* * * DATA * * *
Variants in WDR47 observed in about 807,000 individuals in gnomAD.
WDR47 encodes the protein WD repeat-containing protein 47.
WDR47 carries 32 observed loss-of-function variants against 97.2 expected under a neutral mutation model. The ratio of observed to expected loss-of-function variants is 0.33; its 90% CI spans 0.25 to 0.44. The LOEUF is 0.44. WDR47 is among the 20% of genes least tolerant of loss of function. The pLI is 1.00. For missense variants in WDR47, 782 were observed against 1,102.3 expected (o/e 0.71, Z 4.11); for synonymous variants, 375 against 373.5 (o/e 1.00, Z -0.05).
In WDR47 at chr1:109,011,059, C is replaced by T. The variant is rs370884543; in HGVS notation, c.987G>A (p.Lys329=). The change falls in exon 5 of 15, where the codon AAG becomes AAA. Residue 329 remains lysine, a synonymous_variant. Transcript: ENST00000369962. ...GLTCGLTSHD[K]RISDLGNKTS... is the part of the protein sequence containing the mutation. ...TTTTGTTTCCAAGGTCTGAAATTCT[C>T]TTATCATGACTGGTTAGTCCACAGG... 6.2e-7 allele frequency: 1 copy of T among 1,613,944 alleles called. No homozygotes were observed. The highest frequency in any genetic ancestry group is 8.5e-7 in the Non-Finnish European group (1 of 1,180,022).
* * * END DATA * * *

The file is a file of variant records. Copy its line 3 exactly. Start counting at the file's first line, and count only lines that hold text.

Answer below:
WDR47 carries 32 observed loss-of-function variants against 97.2 expected under a neutral mutation model. The ratio of observed to expected loss-of-function variants is 0.33; its 90% CI spans 0.25 to 0.44. The LOEUF is 0.44. WDR47 is among the 20% of genes least tolerant of loss of function. The pLI is 1.00. For missense variants in WDR47, 782 were observed against 1,102.3 expected (o/e 0.71, Z 4.11); for synonymous variants, 375 against 373.5 (o/e 1.00, Z -0.05).